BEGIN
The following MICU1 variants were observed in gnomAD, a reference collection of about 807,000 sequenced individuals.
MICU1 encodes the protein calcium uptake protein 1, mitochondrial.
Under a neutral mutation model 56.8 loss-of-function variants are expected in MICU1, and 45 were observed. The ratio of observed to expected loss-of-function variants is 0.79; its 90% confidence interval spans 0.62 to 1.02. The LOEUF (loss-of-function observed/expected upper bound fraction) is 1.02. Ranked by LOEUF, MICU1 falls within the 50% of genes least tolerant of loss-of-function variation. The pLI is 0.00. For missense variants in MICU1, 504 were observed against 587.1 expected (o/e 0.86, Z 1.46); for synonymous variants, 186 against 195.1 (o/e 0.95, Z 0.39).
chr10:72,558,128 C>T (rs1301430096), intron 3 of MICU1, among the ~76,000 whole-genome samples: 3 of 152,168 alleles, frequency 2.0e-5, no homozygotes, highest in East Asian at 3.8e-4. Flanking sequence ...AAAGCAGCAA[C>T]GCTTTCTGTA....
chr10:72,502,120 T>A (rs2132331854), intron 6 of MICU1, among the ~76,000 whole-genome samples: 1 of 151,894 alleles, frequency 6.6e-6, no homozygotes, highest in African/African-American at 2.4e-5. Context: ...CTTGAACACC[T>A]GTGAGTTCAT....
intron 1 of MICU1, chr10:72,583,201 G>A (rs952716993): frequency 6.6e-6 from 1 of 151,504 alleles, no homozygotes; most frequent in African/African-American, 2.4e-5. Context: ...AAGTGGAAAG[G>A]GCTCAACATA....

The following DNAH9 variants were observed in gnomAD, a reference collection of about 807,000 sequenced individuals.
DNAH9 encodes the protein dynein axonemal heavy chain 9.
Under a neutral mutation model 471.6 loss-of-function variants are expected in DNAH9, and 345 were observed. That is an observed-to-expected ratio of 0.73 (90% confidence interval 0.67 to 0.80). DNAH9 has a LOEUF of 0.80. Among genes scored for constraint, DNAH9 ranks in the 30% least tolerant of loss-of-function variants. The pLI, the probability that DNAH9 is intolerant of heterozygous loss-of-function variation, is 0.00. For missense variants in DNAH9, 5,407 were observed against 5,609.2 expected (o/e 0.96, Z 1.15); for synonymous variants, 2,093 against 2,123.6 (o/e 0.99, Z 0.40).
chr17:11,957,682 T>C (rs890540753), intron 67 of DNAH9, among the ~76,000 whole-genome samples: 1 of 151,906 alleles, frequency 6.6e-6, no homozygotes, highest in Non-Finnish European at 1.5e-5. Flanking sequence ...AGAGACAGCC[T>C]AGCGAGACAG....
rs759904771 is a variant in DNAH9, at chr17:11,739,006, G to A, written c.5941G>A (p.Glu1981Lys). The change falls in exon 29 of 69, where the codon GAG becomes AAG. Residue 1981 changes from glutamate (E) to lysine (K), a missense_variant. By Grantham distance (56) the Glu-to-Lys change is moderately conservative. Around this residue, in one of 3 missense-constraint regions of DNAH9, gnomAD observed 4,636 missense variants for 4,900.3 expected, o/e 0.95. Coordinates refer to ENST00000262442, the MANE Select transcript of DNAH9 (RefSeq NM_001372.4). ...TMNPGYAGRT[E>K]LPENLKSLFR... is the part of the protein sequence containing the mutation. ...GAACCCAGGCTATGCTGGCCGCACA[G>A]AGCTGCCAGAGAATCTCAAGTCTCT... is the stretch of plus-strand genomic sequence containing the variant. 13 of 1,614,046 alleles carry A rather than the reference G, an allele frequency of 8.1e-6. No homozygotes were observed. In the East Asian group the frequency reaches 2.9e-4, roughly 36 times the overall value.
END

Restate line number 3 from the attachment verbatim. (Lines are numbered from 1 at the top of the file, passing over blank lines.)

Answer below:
Under a neutral mutation model 56.8 loss-of-function variants are expected in MICU1, and 45 were observed. The ratio of observed to expected loss-of-function variants is 0.79; its 90% confidence interval spans 0.62 to 1.02. The LOEUF (loss-of-function observed/expected upper bound fraction) is 1.02. Ranked by LOEUF, MICU1 falls within the 50% of genes least tolerant of loss-of-function variation. The pLI is 0.00. For missense variants in MICU1, 504 were observed against 587.1 expected (o/e 0.86, Z 1.46); for synonymous variants, 186 against 195.1 (o/e 0.95, Z 0.39).